Asterand Bioscience expands immuno-oncology services capabilities with the adoption of the Vectra Polaris Automated Quantitative Pathology Imaging System developed by PerkinElmer (PKI)
Asterand Bioscience, the leader in high quality, well-characterized human tissue and human tissue-based research solutions supporting drug discovery and development, announced today the introduction of the PerkinElmer Vectra® Polaris™ Automated Quantitative Pathology Imaging System to extend their services capabilities to support scientists in gaining a deeper understanding of disease mechanisms related to new cancer immunotherapy approaches. Capitalizing on over 20 years of expertise in human tissue-based research, Asterand Bio scientists are excited to be able to offer this additional solution platform to their research partners.
The Vectra Polaris system integrates seven-color multispectral imaging with whole-slide scanning in a simplified digital pathology workflow to support the quantification and analysis of tissue sections that are stained with multiple immunohistochemical stains.
Development and validation of immuno-oncology (IO) targets requires an understanding of the biology occurring in the immune system and tumor. Multiplexed IHC can be effectively used to visualize cancer targets and multiple immune cell types within the tumor and its microenvironment (TME). Visualization of the spatial relationship and functional state of immune cell types with tumor cells is achieved through multiplex labeling of these different cell types and defining the location within the TME.
“For over 20 years, Asterand Bioscience’s experienced scientists have worked collaboratively with clients to expedite the highest likelihood for clinical success by providing a variety of pre-clinical research services,” said John Canepa, Chief Financial Officer/Chief Operations Officer. “This new platform adds high throughput, multispectral imaging with whole-slide scanning to our suite of services available to our clients to improve the efficiency of their workflow.”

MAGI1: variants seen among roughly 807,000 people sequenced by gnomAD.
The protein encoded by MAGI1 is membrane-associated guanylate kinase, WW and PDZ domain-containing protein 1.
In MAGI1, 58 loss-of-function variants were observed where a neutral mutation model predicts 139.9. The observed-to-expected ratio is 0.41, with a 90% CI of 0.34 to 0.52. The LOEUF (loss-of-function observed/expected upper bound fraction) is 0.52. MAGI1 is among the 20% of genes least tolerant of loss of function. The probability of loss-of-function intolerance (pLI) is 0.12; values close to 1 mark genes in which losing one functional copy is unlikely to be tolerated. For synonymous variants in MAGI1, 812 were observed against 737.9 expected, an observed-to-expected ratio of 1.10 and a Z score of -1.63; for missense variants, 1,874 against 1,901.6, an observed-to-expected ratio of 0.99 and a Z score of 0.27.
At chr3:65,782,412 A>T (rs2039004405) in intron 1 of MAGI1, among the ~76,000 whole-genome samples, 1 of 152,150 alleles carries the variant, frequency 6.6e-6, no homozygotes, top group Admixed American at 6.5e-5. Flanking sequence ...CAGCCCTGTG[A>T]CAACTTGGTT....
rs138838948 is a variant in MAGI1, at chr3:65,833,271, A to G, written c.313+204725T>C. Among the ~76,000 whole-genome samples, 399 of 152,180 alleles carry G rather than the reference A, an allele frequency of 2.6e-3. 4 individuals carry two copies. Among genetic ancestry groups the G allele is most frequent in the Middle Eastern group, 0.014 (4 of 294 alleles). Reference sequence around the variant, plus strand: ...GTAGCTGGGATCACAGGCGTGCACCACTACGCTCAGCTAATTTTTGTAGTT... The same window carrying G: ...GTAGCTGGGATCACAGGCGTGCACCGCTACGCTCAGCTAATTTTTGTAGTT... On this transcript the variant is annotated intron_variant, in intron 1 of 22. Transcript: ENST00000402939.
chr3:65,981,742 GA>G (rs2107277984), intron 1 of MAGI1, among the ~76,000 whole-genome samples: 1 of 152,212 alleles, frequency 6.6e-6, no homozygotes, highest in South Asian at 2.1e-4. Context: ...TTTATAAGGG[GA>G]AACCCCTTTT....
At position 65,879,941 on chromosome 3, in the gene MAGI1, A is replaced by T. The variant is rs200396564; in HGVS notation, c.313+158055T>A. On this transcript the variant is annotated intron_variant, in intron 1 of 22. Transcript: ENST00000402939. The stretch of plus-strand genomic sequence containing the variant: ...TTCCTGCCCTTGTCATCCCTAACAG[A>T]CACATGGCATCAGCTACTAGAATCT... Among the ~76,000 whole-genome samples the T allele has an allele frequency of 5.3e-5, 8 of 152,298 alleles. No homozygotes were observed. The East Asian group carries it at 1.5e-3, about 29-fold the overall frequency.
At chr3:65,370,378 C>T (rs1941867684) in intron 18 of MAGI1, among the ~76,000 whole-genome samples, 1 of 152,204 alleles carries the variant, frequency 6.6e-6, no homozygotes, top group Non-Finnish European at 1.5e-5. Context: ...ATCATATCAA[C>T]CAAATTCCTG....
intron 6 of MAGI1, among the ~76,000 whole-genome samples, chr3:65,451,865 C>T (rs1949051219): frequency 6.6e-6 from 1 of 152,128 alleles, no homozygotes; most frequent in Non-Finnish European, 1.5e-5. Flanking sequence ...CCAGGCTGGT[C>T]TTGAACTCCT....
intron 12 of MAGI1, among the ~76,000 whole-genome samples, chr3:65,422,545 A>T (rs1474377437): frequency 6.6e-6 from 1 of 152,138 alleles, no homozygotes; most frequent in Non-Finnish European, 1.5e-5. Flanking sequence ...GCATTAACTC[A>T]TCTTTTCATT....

“We are delighted to expand our service platform offering to our clients with this enhanced multiplexing technology,” stated Amanda Woodrooffe PhD, Vice President & General Manager, UK Operations. “Revealing target biology at the cellular level within the tumor and the microenvironment with this data rich platform will aid in the development of future cancer therapies.”
With an extensive tissue bank, we specifically customize your Immuno-Oncology project to your needs. Asterand Bioscience has working protocols for targeting a wide range of oncology targets, plus routine immune cell markers.
Co-localization of CD3 and PD-1 in human tonsil, demonstrated in adjacent sections and dual immunohistochemistry in a single slide. The region highlighted in gold is part of the mantle zone of the germinal follicle in a tonsil (middle top and middle bottom panels).
Strong staining of CD3 T cells is seen, with a similar distribution to the strongly stained PD1 cells in the same region of the germinal follicle highlighted area (middle top and middle bottom panels).
Circles show follicle stained for CD20cy (green) but occasionally stained for CD3 (red) and PD-1 (purple). In the dual stained slide the immunostaining is still clear.
Human lung adenocarcinoma sample immunostained for T cells using anti CD3 (red) and B cells using anti-CD20cy (brown, yellow arrow). T cells and PD-1 were detected within the tumor itself (blue arrows) and also in the tumor stroma (green arrows). Localization of both CD3 and PD1 expressing cells appear to be closely matched in this sample. The inhibitory effect of PD-1 is accomplished through promoting apoptosis in antigen specific T-cells in lymph nodes and simultaneously reducing apoptosis in Treg cells (suppressor T cells).
Asterand Bioscience has also developed the ability to utilize triple immunostains with permanent chromogenic endpoints.
As a representative example, tonsil was stained with CD68, CD20cy and CD3 with different detection endpoints for the CD20cy and CD3, which clearly exemplify the importance of optimizing and choosing the best chromogenic stains based on expected cell densities within the sample.